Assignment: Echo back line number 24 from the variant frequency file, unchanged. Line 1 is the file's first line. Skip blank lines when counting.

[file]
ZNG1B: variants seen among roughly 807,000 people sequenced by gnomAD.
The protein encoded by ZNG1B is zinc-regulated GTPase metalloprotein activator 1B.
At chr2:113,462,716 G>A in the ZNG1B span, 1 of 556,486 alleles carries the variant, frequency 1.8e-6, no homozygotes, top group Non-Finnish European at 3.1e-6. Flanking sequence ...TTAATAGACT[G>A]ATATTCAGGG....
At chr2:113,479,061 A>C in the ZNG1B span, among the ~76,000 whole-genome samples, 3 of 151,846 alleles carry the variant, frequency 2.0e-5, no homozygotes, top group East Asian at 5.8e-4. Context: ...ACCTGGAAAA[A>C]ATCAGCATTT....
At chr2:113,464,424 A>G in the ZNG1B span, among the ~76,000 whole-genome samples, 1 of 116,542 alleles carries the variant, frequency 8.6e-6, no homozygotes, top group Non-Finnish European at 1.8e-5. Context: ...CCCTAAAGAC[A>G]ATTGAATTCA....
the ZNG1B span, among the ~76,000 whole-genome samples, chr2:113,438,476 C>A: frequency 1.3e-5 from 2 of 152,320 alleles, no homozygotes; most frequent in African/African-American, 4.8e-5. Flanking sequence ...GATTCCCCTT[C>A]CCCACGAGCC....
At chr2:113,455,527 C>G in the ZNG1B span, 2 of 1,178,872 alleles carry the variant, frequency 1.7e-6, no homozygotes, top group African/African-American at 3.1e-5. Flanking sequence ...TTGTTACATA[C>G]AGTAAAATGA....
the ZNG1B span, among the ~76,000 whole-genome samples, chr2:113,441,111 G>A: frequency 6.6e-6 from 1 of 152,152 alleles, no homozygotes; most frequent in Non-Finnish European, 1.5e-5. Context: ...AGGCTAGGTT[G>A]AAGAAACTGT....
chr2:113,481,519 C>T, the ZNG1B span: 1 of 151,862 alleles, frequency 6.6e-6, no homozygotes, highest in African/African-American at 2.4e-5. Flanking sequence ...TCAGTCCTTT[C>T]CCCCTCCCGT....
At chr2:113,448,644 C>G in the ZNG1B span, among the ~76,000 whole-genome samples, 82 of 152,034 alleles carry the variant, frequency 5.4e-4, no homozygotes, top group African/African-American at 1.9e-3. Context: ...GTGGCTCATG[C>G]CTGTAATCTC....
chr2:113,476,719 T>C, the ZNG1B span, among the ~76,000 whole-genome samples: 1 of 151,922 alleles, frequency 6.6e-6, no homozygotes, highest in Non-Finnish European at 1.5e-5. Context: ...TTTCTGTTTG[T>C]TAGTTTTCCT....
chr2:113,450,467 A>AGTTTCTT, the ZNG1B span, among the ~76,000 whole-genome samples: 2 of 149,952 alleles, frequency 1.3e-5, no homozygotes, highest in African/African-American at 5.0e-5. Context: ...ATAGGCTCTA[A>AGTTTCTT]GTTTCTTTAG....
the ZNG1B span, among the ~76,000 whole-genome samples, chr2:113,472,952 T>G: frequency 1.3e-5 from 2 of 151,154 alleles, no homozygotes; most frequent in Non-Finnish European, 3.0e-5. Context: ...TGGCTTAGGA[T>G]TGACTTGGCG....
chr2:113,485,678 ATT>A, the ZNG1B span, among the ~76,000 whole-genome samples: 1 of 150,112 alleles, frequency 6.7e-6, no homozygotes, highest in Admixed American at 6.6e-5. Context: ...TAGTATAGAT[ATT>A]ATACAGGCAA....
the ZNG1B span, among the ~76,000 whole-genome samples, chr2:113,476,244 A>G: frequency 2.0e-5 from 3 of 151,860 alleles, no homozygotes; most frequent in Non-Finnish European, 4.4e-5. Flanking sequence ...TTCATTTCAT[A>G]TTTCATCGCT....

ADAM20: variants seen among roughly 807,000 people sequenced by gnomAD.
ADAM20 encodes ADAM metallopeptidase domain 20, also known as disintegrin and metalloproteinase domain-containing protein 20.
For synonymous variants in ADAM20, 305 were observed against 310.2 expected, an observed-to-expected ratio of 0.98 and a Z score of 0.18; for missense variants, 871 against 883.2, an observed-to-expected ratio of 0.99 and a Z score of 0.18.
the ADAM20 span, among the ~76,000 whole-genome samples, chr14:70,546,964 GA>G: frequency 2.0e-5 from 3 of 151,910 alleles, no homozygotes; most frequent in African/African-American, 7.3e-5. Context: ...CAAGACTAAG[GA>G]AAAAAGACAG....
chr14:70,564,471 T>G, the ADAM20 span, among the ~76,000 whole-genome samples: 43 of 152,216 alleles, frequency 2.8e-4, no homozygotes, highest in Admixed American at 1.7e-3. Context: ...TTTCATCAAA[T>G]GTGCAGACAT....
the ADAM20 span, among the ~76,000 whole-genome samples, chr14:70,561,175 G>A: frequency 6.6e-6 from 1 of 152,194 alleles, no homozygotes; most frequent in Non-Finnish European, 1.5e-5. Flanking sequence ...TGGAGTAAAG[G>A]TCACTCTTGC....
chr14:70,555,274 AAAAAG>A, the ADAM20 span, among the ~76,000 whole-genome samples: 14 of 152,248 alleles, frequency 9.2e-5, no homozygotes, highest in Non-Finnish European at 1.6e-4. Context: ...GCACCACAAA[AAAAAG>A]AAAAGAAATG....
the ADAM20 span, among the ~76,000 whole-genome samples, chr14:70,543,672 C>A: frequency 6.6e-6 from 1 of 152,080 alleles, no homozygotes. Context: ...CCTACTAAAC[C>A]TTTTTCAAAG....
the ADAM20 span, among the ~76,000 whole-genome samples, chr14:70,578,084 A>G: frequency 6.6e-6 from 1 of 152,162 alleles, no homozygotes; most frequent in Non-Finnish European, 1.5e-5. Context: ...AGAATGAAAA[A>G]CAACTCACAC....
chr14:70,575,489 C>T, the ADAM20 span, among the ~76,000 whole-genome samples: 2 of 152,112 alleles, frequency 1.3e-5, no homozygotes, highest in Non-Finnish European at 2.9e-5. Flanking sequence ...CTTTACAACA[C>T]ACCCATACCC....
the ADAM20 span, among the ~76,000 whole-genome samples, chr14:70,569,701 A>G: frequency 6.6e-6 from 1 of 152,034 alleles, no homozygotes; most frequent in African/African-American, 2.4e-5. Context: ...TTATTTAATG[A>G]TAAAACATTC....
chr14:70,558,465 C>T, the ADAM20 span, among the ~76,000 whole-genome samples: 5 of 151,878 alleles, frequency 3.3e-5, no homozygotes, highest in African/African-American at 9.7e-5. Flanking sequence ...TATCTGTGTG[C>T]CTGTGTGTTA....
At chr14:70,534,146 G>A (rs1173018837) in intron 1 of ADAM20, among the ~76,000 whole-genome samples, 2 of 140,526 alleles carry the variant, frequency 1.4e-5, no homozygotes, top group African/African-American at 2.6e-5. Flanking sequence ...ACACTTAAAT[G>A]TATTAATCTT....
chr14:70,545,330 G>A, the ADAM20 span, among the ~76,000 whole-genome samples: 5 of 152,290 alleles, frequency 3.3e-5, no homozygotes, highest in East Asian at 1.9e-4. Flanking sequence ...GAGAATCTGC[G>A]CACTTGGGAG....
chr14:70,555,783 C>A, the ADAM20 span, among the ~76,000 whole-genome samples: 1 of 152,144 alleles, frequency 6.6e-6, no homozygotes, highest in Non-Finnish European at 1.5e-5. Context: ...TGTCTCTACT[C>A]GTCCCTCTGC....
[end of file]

the ADAM20 span, among the ~76,000 whole-genome samples, chr14:70,578,084 A>G: frequency 6.6e-6 from 1 of 152,162 alleles, no homozygotes; most frequent in Non-Finnish European, 1.5e-5. Context: ...AGAATGAAAA[A>G]CAACTCACAC....